Phobia Essay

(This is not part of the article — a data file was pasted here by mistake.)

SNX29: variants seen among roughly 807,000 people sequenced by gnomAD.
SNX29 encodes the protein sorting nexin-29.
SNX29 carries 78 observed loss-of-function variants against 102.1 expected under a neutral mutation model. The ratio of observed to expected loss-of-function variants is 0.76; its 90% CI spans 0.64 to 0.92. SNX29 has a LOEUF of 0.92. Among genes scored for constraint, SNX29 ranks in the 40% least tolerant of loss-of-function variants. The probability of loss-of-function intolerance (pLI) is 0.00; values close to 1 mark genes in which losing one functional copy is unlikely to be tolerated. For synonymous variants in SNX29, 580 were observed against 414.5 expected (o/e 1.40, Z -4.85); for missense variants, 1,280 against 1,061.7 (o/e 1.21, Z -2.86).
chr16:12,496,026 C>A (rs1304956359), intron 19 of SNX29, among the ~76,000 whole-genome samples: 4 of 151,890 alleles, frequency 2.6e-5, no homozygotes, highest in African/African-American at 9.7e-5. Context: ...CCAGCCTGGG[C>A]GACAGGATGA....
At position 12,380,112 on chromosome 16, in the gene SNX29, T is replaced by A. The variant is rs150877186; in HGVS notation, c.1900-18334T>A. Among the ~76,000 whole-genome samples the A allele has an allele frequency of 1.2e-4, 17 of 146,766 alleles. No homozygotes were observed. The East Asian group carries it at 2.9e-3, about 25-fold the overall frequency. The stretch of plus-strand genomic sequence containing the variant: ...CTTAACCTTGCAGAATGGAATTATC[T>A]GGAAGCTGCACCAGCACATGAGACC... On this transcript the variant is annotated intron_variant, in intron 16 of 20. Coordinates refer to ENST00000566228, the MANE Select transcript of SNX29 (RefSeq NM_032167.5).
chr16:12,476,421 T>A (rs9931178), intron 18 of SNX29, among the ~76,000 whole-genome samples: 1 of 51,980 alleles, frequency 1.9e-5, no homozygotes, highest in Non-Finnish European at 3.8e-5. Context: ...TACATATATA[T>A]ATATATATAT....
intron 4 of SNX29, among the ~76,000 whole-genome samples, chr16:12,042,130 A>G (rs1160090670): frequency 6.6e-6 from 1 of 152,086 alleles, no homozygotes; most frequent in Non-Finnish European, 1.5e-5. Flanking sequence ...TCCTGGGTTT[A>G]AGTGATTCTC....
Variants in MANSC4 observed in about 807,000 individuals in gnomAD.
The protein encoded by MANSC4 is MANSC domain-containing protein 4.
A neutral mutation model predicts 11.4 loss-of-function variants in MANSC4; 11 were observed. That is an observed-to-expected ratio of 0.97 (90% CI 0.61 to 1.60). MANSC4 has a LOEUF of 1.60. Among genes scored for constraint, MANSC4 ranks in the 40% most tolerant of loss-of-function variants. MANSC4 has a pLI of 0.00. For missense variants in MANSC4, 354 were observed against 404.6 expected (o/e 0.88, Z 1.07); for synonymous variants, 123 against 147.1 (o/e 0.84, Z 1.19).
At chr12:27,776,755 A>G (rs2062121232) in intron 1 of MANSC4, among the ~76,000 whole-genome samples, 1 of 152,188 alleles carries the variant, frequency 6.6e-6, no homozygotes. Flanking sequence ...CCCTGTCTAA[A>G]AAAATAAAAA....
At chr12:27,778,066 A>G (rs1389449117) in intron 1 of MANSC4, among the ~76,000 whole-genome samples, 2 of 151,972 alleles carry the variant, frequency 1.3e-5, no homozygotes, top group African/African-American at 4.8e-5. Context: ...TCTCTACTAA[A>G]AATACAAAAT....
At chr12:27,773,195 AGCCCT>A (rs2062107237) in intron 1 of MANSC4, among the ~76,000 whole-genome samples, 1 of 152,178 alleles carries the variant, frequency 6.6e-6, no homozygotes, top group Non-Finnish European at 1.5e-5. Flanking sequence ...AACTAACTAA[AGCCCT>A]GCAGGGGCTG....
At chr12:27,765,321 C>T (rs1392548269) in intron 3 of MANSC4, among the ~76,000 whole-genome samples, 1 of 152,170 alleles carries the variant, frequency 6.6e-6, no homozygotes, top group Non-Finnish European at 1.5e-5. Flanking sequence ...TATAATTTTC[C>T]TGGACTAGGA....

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Phobias and Addictions Classical conditioning just involves the pairing of stimuli and the association that results between the two. Classical conditioning, also known as “Pavlovian conditioning.” A behavior that would normally be the result of one stimulus becomes the result of the other also due to the association created. Pavlov's dogs salivating at the sound of the bell they'd come to associate with being fed is an example of this conditioning. Classical conditioning only has one mechanism, association, to affect learning (Kowalski & Westen, 2011). By pairing the situation with something pleasant Little Albert could have terminated his phobia of the white rat, which is called counter conditioning. Classical conditioning can cause a phobia. A phobia is an unreasonable, uncontrollable fear of a given object or situation and can develop in a variety of ways, including conditioning. Phobias can be acquired through classical conditioning by pairing a neutral stimulus with something that really causes pain. Phobia responses can be permanent unless the organism is subjected to the extinction process. In the extinction process, one must confront the fear without the presence of the unconditioned stimulus. For example, in Watson’s experiment, Little Albert developed a phobia of white rats (and other furry objects) as a result of pairing the white rat with a loud bang. The phobia could have been extinguished by repeatedly exposing Little Albert to the white rat without the loud bang. Another type of associative learning is operant conditioning. Unlike classical conditioning, operant conditioning however, has four separate mechanisms, positive reinforcement, negative reinforcement, positive punishment, and negative punishment, which bring about learning (Kowalski and Westen, 2011). Operant conditioning requires that the subject perform some action, and

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